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Title: An analysis of the use of brewery spent grain : a case study of the UK brewing industry
Author: Ben-Hamed, Usama
Awarding Body: University of Sunderland
Current Institution: University of Sunderland
Date of Award: 2012
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Abstract:
Breweries generate extensive by-products particularly spent grain, slurry and yeast. Much of the brewery spent grain (BSG) from large breweries is processed on a large scale for animal feed because of its high protein and fibre content. Bulk processing is economic and provides a useful income to the large brewery. Grain from small, local breweries is delivered intermittently in smaller volumes. Such use is much less economic and may incur losses if not carefully assessed for transport costs. The main aim of this research is to provide an analysis of using food by- products in agriculture with specific focus on spent grains from beverage production. This aim is investigated using a survey addressed to UK breweries. This survey produced a range of data regarding spent grain production, collection methods, vehicles size, average load, time of loading and unloading, etc. The data allowed the breweries to be grouped into three sizes, small, medium and large according to the scale of production of BSG. In order to achieve the research objectives, three models were applied; namely spent grain costing model (SGCM), Linear regression and Co-product Optimizer Decision Evaluator model (Cattle CODE). In addition, initial experiments were conducted to investigate alternative uses for wet brewery spent grain (WBSG) particularly soil fertilization. The SGCM model revealed that the majority of vehicles used to transport WBSG from three different sizes of brewery (small, medium and large) to farms were between 1 to 6 tonne loading capacity and the average distance from these breweries to farms was 5 miles. Data analyses were conducted by three vehicles classes and they were categorized in terms of loading capacity 1 tonne, 3 tonnes and up to 6 tonnes. This analysis was conducted to determine the average cost of transporting WBSG from breweries to farms. The results indicated that the average transport cost per tonne of WBSG for vehicle with the sizes of 1 tonne, 3 tonne and 6 tonnes were £ 10.11, £5.20 and £3.27 respectively. Linear regression based on SGCM model results was used to investigate the relationship between the distance between the three sizes of brewery and farms, and the average transport cost per tonne loaded of WBSG using three sizes of vehicle (vehicle 1, vehicle 2 and vehicle 3). The results indicated that the estimated average transport cost per tonne loaded of WBSG rises by £1.99, £1.31 and £0.45 per one mile increase in the distance for the three sizes of vehicle respectively. The Cattle CODE model results indicated that with WBSG available at £0 per tonne the collection system had a small but clear impact on the value of the grains with WBSG from medium and large breweries giving higher returns than WBSG from smaller breweries. At a maximal substitution rate to cattle feed of 50% this difference is around £28 per head of cattle. With the profitability of cattle being so low this difference may make a considerable impact on the viability of small scale cattle production. Primary experiments were conducted to investigate alternative uses for wet brewers spent grains WBSG as agents to improve soil fertilization. These experiments were conducted to assess alternative agricultural uses of spent grains and were focused on assessing the effect of grains on plant growth using cabbage, lettuce, radish and leek. The experimental results showed that in most cases the WBSG produces a clear effect on growth at the 40% addition level. This is most evident for cabbage wet weight and dry weight which increased by up to 70% compared to control plants. A similar pattern is suggested for leek wet and dry weight but is clearly not so for radish where the 10% WBSG level has most effect. These differences may allow specific recommendations of use to be developed to allow optimal application of WBSG.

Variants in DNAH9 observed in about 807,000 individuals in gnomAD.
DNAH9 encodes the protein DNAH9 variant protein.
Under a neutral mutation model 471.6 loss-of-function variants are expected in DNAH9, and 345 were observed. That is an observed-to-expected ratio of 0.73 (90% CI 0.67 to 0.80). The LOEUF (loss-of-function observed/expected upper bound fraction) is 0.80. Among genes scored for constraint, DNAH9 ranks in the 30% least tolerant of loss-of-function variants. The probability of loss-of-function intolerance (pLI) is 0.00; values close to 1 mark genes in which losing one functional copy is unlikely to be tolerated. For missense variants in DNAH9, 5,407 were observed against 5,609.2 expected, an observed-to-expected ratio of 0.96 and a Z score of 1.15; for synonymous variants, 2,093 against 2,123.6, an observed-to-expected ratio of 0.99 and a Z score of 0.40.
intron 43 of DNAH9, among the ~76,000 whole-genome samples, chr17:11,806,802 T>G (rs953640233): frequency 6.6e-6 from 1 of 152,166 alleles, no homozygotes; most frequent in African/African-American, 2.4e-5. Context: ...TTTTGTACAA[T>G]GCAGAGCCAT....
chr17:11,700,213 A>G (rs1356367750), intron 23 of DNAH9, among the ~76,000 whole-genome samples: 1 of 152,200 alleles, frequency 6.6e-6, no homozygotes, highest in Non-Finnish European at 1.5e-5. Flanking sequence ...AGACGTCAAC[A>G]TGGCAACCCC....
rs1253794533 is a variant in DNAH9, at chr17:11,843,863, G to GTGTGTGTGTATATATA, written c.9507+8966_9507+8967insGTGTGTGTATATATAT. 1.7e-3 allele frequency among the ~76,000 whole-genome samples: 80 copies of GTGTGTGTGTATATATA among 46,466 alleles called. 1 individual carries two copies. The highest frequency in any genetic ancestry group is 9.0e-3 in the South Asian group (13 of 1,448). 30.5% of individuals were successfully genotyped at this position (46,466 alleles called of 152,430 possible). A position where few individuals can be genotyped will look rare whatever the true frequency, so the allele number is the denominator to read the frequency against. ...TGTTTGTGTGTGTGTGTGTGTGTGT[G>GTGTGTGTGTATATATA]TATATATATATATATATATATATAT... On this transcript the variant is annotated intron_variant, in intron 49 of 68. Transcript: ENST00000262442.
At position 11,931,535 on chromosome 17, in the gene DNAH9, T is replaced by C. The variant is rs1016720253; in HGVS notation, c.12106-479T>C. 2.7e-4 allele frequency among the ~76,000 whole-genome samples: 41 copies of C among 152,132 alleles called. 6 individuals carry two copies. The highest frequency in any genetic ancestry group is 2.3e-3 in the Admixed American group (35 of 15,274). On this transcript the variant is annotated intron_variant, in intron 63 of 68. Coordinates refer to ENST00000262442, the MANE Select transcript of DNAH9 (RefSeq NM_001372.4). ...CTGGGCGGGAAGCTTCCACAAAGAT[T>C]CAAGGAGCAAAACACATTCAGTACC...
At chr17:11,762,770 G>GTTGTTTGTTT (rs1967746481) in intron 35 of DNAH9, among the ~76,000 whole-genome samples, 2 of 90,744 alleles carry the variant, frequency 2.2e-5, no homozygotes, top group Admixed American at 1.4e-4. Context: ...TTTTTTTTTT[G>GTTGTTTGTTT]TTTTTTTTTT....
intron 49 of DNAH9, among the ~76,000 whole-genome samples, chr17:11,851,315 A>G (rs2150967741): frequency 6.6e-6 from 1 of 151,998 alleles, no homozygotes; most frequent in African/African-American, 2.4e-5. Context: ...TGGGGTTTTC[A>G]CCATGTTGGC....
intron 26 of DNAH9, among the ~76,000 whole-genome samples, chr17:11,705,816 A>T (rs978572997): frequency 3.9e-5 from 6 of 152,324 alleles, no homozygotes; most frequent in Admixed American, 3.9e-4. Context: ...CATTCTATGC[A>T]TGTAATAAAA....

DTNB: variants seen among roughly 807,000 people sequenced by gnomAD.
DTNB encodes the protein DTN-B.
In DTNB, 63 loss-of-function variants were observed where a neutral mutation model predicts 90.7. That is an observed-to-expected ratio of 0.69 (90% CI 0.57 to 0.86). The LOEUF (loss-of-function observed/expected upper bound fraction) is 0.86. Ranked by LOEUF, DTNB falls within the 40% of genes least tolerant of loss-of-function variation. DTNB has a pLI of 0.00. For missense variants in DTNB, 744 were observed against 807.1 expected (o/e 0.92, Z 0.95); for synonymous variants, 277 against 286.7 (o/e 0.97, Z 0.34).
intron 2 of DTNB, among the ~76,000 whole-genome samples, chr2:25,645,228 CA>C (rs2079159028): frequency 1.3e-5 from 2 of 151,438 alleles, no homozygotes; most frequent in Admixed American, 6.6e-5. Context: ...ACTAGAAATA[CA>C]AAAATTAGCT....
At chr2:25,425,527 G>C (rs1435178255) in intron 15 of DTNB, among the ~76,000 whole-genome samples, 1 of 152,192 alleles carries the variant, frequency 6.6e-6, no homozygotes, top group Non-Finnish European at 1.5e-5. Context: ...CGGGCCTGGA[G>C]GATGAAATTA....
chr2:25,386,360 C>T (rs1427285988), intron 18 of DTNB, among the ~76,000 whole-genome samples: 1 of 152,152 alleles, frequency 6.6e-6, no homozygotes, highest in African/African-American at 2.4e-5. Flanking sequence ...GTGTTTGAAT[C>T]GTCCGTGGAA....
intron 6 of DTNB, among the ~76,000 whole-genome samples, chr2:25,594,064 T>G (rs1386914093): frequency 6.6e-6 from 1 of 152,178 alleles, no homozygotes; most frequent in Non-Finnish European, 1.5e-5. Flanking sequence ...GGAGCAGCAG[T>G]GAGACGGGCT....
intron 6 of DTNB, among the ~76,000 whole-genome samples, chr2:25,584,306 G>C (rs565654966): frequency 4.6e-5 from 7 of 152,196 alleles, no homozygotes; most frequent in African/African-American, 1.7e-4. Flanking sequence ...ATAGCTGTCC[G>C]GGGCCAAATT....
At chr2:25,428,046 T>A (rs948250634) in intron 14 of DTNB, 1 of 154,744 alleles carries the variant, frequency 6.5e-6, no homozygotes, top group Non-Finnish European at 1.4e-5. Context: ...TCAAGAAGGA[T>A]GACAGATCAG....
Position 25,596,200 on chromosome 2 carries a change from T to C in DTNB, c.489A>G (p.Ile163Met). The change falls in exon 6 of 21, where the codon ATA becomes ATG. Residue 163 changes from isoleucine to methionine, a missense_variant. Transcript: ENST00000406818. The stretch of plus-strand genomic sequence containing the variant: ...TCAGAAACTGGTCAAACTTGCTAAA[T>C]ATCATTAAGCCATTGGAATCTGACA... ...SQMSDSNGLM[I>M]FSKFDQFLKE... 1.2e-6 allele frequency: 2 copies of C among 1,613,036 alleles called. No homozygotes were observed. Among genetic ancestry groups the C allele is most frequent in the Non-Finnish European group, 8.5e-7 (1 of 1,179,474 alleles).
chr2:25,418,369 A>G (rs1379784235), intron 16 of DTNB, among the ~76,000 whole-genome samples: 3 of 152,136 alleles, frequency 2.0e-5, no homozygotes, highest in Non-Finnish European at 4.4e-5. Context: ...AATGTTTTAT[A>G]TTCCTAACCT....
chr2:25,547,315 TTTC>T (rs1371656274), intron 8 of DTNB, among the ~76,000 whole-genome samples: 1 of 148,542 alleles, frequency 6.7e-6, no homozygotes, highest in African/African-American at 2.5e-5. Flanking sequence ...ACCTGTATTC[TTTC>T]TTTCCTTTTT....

Supervisor: Not available Sponsor: Not available
Qualification Name: Thesis (Ph.D.) Qualification Level: Doctoral
EThOS ID: uk.bl.ethos.556491  DOI: Not available
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